Re: Constraints on the "singularity"

Michael Lorrey (
Sun, 12 Oct 1997 19:36:41 -0400

Ramez Naam (Exchange) wrote:
> > From: []
> > I use the term "singularity" in deference to Vinge, who is a professor
> > of mathematics. It's only a qualitative analogy, however: the actual
> > simplest equations that describe the simplest qualitative predictions
> > don't actually have mathematical singularities.
> This is an important point that seems to be often ignored in discussions
> of the "singularity". While a simple interpolation and future
> projection of (for example) available computing power may show a
> vertical asymptote, the underlying equations that govern the rise of
> computing power are subject to constraints that may result in a
> flattening of the curve.
> I'd be very interested in seeing (and would write myself, if time and
> knowledge allowed) an analysis of what a post-"singularity" plateau
> might look like, given the most stringent constraints we know of.
> Obviously these constraints are products of our current understanding of
> the world, and thus may be suppressible given some future physics &
> mathematics, but I think it a bit disingenuous to use a term like
> "singularity" when our best current models of the world show bounded (or
> at least, merely exponential) growth.
> There are much wiser heads out there on this list, so let me just start
> off the conversation with a few constraints that I can see (again, given
> our current physics & mathematics):
> Size Constraints: Our current understanding of QM essentially
> constrains the precision with which we can build physical structures (or
> direct energy) via Planck's constant, thus creating an apparent lower
> bound on our engineering ambitions. This in turn has consequences for
> Moore's Law, as to date progress has been made largely via finer and
> finer lithography techniques.

By a recent post, use of quantum cellular designs, they operate better
the smaller they are, could be as small as a few atoms, with a single
layer of atoms between cells, and 5-10 layers between circuits. They
also minimize heat and power consumption, another problem with current
chip circuitry. How does this scale to current chip circuit sizes?

> Speed Constraints: Barring some revolution to Relativity, c limits the
> rate of expansion of even a Vingean Power. In addition it limits the
> speed of signaling within that entity's "brain". Again suggesting
> possible constraints on the rate of computational growth.

Well, what is the speed of chemical reactions across the brain, and from
one end of the nervous system to the other? Whatever time lapse this is,
scaled to C will give you an estimate of the size of the beast you are
contemplating, for at least human capacity intelligence. Then again, if
we are to take the word of some marine biologists, we need to think more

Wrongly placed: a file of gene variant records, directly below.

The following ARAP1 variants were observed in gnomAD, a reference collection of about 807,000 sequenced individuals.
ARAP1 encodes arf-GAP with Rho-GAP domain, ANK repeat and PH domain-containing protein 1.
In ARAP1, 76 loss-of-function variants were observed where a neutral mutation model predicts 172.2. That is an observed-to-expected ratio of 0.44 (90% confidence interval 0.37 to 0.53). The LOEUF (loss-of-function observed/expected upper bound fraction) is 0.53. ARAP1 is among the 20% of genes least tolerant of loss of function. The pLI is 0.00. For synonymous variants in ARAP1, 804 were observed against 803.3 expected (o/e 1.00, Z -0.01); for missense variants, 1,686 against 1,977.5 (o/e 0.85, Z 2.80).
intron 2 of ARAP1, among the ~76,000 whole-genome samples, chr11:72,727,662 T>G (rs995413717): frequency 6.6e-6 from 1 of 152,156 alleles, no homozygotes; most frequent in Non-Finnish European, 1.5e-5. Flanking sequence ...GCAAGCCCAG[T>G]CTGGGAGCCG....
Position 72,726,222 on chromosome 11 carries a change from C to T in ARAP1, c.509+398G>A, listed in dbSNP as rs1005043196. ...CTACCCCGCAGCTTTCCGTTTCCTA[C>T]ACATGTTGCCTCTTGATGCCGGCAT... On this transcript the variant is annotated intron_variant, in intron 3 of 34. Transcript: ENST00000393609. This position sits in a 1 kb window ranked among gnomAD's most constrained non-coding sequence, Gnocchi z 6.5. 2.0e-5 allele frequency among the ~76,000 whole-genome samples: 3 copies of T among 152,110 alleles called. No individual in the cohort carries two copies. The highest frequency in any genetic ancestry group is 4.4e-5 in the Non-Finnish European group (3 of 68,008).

on a scale of dolphins or whales nervous systems as baselines.
> Chaotic Computability Constraints: The most ambitious nanotech
> scenarios posit universal assemblers that can be programmed or designed
> to build specific structures. IMHO this is a clearly chaotic system.
> The structure of any complex object created by this sort of nanotech
> would seem to display an exquisite sensitivity to tiny variations in
> design of the assembler (or the assembler "software"), and possibly to
> the local environment itself. I question whether we'll be able to
> design assembler protocols for very complex objects through any means
> other than trial and error, which have their own pitfalls (e.g., grey
> goo).

Considering we are now playing with molecular sized motors, gears, and
circuits in the lab, with our rather ham handed tools that dampen our
movements down to a scale necessary to move actual atoms around, once
simple and functional machines are actually built that can run, and can
be built repetitively and reliably, then we will have brought the
industrial age to the nano scale, and can expect a progression curve at
the nano scale much like out own from the early 1800's onward. The
advantages we now have is that we already know how things work best at
macro scale, so its not like we have to totally reinvent anything, we
already know whats possible.
> (This is not to say that I'm skeptical of nanotech. I think the more
> prosaic nanotech scenarios have an enormous potential to revolutionize
> our world. If we can design nanomachines to construct individual parts
> of more complex systems, for example, and then use macro-machines to
> assemble them into the finished product, we will have gone a long way
> towards eliminating scarcity.)
> I'm very interested in thoughts from the list on:
> 1) Where a Spike subject to these constraints will begin to level off.

I don't think that we will see any significan leveling off. There will
be short periods perhaps of slowing growth, but as established
technologies reach their peaks, newer ones will come to the fore as they
become economically feasible, like a multistage rocket dropping off
spent boosters.

> 2) Just how severe and insurmountable these constraints are. Will
> superstring-engineering allow us to bypass Planck's constant? Will some
> new, higher-level theory of complex systems provide more computationally
> efficient means of simulating chaotic systems? Will quantum computing
> have any benefit here? Can a sufficiently advanced entity construct a
> pocket universe where Planck's constant and c are different from our
> own? Is there any way to communicate between that universe and this
> one?

I would guess that the closer the physical laws in a pocket universe are
to our own, the easier communication will be.
> cheers,
> mez

			Michael Lorrey
------------------------------------------------------------	Inventor of the Lorrey Drive
MikeySoft: Graphic Design/Animation/Publishing/Engineering
How many fnords did you see before breakfast today?